Conclusively, we need an architecture that promote our senses to create an emotional response to the space we inhabit, creating a sensory memory that largely tribute to a long-lasting meaningful experience. What really is the task of architecture? ‘Its timeless task is to enable us to perceive and understand the permanence and change, to settle ourselves in the world, and to place ourselves in the continuum of culture and time’.‘Architecture is the art of reconciliation between ourselves and the world, and this mediation takes place through the senses.’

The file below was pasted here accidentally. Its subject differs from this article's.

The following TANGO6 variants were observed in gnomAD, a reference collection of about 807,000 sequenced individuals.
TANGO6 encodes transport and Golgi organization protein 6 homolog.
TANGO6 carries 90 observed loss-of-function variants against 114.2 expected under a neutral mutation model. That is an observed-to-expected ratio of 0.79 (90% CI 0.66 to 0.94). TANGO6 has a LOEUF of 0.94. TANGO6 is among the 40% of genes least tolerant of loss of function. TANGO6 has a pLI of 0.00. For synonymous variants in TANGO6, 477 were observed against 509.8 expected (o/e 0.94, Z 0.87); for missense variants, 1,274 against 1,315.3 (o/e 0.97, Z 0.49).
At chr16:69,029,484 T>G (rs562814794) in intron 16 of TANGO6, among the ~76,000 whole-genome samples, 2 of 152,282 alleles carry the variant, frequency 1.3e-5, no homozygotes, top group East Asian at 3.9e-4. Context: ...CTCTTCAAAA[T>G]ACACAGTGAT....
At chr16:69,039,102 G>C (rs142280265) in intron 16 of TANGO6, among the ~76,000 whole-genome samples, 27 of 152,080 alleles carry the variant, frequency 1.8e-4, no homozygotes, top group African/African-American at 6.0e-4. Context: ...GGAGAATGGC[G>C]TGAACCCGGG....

An architect by profession and a designer by passion. I lately graduated with Masters in Architecture, Built Environment and Interiors from Politecnico di Milano, Italy. Currently exploring my interest in architectural journalism to influence critical thinking and awaiting to venture out in the practical field to diminish the gap between art, architecture, and design.
1. Pallasmaa, Juhani. The Eyes of the Skin.Wiley-Academy, a division of John Wiley & Sons Ltd, 2005
2. Zumthor, Peter. Peter Zumthor Thinking Architecture. Birkhäuser. Basel, Switzerland, second edition-1999